• The Battle Scarred Walls of Fort Pulaski

    Fort Pulaski

    National Monument Georgia

Insects and Spiders

Golden Silk Spider

Golden Silk Spider
The golden silk spider, Nephila clavipes (Linnaeus), is a large orange and brown spider with the feathery tufts on its legs is well know to most native southerners. As typical with most spiders, there is little danger from an encounter with the golden silk spider. The spider will bite only if held or pinched, and the bite itself will produce only localized pain with a slight redness, which quickly goes away. On the whole, the bite is much less severe than a bee string. Typically, the webs are made in open woods or edges of dense forest, usually attached to trees and low shrubs.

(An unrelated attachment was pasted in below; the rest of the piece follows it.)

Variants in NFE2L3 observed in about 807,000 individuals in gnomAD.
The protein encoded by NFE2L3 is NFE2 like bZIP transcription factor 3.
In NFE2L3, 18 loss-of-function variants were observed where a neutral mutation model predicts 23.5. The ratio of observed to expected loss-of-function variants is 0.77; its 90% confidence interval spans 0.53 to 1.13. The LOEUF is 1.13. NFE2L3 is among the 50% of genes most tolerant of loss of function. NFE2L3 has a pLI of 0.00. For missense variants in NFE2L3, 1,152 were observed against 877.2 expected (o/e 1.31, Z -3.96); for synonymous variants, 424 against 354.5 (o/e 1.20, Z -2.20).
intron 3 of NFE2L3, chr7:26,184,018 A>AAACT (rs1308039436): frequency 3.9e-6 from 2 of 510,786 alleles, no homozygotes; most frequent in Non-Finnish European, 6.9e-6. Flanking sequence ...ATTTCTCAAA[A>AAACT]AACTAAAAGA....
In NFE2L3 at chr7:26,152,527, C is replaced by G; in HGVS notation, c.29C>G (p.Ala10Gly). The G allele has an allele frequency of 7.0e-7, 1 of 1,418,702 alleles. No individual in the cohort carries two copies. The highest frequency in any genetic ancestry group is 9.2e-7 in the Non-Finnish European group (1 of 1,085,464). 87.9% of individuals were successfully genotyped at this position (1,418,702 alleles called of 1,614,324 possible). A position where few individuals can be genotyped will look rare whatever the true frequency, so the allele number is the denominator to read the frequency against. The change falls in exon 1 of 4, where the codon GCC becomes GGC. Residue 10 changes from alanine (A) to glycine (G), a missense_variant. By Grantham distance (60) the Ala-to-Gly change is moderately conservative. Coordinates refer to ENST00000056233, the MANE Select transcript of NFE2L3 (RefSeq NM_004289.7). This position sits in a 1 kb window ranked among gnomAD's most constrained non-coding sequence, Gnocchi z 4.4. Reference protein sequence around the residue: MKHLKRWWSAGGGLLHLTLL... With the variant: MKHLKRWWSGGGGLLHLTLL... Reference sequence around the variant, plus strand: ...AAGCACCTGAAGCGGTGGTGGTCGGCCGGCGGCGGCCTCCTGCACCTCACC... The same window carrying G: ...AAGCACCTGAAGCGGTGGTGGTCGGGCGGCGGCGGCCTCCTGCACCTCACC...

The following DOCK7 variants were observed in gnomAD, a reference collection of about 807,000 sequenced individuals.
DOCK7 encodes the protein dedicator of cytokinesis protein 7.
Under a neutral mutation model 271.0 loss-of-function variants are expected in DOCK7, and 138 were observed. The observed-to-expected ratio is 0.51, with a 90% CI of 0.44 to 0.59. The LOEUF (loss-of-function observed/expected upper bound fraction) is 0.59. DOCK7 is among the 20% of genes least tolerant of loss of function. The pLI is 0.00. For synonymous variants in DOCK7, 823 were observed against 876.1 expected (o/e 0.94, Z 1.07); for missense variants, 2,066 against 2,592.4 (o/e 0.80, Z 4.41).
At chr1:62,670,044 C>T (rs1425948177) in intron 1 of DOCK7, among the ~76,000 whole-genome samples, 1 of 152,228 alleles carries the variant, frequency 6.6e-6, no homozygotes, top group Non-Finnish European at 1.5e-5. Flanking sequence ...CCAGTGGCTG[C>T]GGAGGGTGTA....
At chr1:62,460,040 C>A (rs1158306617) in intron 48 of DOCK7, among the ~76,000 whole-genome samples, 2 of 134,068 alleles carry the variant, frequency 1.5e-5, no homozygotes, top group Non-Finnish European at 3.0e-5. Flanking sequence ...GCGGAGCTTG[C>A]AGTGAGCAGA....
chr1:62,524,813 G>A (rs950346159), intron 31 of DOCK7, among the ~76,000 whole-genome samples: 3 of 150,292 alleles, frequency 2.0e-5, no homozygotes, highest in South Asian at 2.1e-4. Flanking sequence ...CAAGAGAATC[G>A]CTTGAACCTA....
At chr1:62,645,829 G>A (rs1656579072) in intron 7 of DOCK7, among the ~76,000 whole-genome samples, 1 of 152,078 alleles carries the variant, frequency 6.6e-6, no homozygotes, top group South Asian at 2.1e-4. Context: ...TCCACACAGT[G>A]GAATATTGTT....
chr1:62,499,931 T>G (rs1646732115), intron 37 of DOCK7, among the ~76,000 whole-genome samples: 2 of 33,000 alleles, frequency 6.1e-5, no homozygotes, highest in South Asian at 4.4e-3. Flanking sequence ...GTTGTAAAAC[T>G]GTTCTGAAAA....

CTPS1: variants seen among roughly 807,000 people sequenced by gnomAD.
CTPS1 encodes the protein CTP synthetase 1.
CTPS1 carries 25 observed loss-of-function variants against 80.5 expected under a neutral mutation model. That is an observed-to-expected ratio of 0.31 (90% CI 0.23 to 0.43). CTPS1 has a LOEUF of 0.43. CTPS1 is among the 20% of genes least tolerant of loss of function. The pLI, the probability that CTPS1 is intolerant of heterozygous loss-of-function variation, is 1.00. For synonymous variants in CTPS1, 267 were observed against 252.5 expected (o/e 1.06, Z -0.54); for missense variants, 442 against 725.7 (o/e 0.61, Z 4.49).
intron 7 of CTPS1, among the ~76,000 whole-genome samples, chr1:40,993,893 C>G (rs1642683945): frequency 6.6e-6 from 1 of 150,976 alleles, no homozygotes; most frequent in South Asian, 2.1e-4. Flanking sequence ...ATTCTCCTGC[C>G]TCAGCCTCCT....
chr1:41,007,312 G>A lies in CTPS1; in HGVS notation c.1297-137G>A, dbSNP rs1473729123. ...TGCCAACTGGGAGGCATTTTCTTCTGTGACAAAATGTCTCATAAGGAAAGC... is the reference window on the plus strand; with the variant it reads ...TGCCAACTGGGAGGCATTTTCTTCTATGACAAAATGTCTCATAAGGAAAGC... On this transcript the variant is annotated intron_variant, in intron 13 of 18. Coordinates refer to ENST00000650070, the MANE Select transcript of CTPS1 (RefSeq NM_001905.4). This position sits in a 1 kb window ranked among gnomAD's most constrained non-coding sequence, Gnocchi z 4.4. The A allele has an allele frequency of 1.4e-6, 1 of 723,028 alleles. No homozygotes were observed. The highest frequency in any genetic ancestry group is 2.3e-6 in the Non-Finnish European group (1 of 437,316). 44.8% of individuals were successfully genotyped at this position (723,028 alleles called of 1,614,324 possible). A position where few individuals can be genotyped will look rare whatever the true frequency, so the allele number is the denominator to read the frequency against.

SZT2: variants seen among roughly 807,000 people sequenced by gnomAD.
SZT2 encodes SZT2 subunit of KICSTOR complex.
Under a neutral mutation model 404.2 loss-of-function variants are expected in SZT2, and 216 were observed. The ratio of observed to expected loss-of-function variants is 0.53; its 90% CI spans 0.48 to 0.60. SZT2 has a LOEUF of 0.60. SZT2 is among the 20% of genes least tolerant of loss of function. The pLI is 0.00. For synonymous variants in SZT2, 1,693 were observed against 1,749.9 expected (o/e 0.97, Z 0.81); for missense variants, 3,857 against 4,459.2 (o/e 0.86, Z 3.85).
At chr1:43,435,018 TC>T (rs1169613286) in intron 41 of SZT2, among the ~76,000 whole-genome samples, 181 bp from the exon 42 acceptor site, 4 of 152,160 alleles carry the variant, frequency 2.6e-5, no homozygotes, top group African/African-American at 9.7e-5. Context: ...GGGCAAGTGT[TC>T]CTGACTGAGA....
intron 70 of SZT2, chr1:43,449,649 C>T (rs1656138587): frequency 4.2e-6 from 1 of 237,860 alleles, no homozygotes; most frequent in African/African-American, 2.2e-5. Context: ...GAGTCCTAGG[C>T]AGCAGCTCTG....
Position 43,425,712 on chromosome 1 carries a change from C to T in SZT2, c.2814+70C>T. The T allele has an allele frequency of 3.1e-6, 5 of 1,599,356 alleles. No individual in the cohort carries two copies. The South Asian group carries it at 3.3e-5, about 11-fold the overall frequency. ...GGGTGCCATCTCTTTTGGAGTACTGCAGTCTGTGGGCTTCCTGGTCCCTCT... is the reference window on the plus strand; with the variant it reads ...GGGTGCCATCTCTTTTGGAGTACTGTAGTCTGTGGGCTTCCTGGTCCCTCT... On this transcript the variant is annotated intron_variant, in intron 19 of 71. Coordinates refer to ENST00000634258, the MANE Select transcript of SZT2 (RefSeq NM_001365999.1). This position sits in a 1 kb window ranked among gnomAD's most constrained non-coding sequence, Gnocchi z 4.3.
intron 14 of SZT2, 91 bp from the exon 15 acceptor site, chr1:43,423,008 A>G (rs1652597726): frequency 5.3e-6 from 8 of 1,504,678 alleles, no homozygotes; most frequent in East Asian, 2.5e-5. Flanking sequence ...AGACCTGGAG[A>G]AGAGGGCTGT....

Sand gants or noseeum
Sand Gants
Sand gnats or noseeums are insects typically found near the ocean and around rivers, lakes, and swamps. Also known as biting midges, these tiny bugs can be as small as .04 inches long. It is the female that inflicts the nasty bite because she needs blood to complete her egg laying process. Consequently they go after any exposed skin, be it human or animal. Your best defense in this situation involes the use of any Deet products.
 
Mosquito
Mosquito
The mosquito, often referred to as skeeter, in some areas of the United States, is a member of the Culicidae family and can be found in the marsh enviorment around Fort Pulaski. These insects have a pair of scaled wings and a slender body with long legs. The females of most mosquito species suck blood from other animals. Size varies but is rarely greater than 15 mm (0.6 inch). Mosquitoes weigh only about 2 to 2.5 mg (0.03 to 0.04 grain). A single flight can last about 4 to 5 minutes.

Did You Know?

John Wesley

John Wesley, the founder of Methodism, landed on Cockspur Island in 1736 on route to Savannah. Wesley preached the first Methodist sermon in the New World while on the island. Fort Pulaski National Monument, Georgia